Did the Crusades Intensify the Jihad?
A new book explains the true role the Crusades played on the jihad.
Editor’s note: The following book review of The Intensification and Reorientation of Sunni Jihad Ideology in the Crusader Period, by Suleiman A. Mourad and James E. Lindsay, first appeared in the Spring 2016 issue of the Middle East Quarterly and was written by Raymond Ibrahim, a Shillman Fellow at the Center.
One of the more pernicious and prevalent post-9/11 myths is that one of Islam’s most fundamental concepts, jihad, has been distorted by “violent extremists” who have “hijacked the religion.” In this fairy-tale view, jihad is above all a struggle for self-betterment that al-Qaeda, the Islamic State, Boku Haram, and others have twisted and deformed. Mourad of Smith College and Lindsay of Colorado State University provide an excellent antidote to this ahistorical nonsense by offering a serious primer on the historical codification of jihad and its subsequent application in response to the Crusaders.
The first part of the book deals with Islamic literature on jihad and the role of Muslim scholars in elucidating and disseminating the concept. The authors then focus on the Forty Hadiths for Inciting Jihad compiled not long after the Second Crusade by Ibn Asakir, “one of the most celebrated scholars of medieval Islam, both in his own time and in subsequent centuries.” The actual text of the Forty Hadiths is presented in both Arabic and English, offering the reader the chance to read firsthand what kind of statements concerning jihad are attributed directly to Muhammad, all of which are deemed by Sunnis as sahih or “authentic.”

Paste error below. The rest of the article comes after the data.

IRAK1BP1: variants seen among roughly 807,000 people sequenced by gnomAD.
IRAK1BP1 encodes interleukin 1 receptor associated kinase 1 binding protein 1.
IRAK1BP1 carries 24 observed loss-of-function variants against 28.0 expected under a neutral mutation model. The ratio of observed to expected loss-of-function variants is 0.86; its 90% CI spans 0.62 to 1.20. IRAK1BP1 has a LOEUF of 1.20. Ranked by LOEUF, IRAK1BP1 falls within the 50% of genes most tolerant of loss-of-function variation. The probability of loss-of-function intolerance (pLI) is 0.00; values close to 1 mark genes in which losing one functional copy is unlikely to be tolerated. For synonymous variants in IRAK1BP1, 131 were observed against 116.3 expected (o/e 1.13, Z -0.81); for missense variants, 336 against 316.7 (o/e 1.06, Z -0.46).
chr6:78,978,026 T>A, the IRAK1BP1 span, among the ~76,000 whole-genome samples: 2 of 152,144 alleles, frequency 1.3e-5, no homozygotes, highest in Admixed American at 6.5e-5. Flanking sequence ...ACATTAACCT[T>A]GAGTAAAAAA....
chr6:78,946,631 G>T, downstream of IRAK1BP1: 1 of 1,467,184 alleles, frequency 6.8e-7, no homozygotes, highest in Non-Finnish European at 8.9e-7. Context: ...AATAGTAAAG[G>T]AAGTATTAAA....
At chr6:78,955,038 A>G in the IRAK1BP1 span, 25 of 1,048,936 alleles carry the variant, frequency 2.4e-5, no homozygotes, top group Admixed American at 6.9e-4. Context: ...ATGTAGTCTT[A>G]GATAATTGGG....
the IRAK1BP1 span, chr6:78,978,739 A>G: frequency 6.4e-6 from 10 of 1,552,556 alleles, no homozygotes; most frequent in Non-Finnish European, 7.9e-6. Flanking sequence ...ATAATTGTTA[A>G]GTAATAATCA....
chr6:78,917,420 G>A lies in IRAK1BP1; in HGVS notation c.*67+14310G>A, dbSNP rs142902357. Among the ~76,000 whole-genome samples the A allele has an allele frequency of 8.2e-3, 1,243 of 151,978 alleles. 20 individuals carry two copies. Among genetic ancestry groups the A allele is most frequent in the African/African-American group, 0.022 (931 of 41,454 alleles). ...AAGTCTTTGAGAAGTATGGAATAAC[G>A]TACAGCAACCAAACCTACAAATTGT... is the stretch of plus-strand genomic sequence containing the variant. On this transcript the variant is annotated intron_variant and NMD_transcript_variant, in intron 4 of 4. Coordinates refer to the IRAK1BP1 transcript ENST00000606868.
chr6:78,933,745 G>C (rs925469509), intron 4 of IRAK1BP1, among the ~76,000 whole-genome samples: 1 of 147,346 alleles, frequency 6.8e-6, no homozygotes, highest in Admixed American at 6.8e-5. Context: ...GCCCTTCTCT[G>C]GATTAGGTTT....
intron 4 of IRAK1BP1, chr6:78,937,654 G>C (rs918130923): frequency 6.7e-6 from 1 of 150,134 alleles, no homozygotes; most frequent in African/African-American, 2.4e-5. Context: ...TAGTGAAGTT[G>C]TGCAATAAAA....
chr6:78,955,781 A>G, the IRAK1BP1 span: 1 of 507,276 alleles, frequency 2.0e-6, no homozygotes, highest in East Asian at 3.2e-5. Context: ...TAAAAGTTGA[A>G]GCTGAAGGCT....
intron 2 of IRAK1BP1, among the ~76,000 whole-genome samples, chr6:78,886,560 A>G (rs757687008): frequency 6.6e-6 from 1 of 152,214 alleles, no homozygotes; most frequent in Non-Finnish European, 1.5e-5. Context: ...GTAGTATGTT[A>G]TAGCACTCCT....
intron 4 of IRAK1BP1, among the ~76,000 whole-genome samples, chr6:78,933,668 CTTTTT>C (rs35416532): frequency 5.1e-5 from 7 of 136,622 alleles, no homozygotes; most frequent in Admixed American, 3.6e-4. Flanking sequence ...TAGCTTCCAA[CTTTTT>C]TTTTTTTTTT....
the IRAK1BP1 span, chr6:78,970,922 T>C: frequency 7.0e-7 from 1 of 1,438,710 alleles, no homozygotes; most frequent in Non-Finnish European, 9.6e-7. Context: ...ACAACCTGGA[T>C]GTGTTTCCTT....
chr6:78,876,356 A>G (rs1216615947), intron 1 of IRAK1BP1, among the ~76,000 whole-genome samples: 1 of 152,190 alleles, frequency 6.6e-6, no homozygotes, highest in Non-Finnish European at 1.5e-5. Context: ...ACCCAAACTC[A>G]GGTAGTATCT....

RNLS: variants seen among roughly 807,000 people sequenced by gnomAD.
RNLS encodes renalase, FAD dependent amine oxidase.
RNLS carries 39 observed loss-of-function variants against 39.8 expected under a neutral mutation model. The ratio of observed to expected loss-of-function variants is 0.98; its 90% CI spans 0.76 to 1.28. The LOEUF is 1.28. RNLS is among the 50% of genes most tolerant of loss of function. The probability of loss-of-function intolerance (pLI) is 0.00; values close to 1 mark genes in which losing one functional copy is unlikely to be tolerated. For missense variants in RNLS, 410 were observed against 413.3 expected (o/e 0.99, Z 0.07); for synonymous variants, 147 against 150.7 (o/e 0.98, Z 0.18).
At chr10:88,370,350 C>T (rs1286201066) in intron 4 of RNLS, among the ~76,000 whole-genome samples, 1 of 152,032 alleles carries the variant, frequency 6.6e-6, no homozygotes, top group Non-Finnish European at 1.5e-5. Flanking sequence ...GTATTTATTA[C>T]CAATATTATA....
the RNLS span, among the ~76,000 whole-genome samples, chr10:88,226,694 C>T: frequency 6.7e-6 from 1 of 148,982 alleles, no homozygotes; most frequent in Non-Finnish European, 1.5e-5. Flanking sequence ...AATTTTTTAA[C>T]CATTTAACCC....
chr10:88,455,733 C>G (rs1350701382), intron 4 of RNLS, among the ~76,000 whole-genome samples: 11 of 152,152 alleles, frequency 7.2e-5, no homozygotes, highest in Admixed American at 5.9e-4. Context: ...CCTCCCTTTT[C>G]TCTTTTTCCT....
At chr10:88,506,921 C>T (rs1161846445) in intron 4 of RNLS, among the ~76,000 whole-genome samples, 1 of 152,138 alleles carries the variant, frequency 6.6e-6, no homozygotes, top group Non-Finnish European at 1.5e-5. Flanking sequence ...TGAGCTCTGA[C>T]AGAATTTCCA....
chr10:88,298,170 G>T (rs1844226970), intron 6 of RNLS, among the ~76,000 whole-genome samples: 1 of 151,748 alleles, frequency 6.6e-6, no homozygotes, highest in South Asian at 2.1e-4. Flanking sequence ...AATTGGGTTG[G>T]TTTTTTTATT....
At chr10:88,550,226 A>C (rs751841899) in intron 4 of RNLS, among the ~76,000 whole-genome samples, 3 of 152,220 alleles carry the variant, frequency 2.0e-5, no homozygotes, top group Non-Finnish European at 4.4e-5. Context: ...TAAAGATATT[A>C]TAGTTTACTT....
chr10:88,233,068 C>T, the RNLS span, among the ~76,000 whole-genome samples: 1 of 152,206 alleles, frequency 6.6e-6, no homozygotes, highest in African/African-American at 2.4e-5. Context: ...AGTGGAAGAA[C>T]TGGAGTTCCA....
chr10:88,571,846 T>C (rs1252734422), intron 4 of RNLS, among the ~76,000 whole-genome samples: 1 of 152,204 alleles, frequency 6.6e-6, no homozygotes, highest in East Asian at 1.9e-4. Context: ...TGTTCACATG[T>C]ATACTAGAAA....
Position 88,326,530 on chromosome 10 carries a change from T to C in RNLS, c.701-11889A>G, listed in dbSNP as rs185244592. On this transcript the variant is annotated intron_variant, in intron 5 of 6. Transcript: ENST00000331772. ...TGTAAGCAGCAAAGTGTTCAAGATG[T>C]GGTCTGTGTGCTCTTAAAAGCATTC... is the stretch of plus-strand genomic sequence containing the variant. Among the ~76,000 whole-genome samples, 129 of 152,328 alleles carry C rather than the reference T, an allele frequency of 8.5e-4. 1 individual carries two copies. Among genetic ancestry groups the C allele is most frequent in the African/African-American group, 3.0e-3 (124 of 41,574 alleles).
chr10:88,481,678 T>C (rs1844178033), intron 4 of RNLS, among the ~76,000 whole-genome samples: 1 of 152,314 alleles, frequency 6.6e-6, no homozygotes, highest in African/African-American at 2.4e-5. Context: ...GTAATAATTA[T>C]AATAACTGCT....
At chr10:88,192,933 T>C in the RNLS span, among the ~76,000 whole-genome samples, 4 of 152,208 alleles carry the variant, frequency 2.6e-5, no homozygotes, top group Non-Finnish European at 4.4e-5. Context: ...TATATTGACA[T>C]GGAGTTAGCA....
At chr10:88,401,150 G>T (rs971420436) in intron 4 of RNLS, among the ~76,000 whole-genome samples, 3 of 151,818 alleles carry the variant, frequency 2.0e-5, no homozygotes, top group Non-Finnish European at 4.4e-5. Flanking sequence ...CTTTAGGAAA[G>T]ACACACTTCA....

The hadiths, and the worldview they have engendered, speak for themselves: “Lining up for battle in the path of God [jihad] is worthier than 60 years of worship.” “If he dies or is killed, all his sins are forgiven … He will be wedded to the virgins of paradise, and the crown of dignity will be placed on his head.”
Themes emerge, some familiar to those following modern day jihadist discourse (e.g., the supremacy of jihad versus all other duties, and the great rewards associated with it)—but also lesser known ones, such as the terrible punishments awaiting those Muslims, according to Muhammad, “who do not believe in jihad … They will be tortured like no other sinful human.”
Mourad and Lindsay make clear that the Crusades did not create the doctrine of jihad, which had already been codified in books such as Ibn Mubarak’s Kitab al-Jihad some three hundred years earlier. The primary innovation, or “reorientation,” in this period is that Asakir and other Islamic scholars intensified the importance of jihad in the new context of repulsing infidel invaders. They also expanded “the ideology of jihad to include direct and indirect attacks against other Muslim groups, especially Shi’is.” Although jihad had been proclaimed against other Muslims more than two hundred years before the Crusades, afterward, it became a major theme as Sunnis saw Shiites as subversive moles, weakening Islam against outside aggression.
Considering that the Muslim world is even more vulnerable to non-Muslim influence today than during the Crusades, it is unsurprising that in its most recent Islamic State manifestation, jihad continues to intensify, its fury directed against whatever is in its path—Jews, Christians, Yazidis, and, of course, Shiites.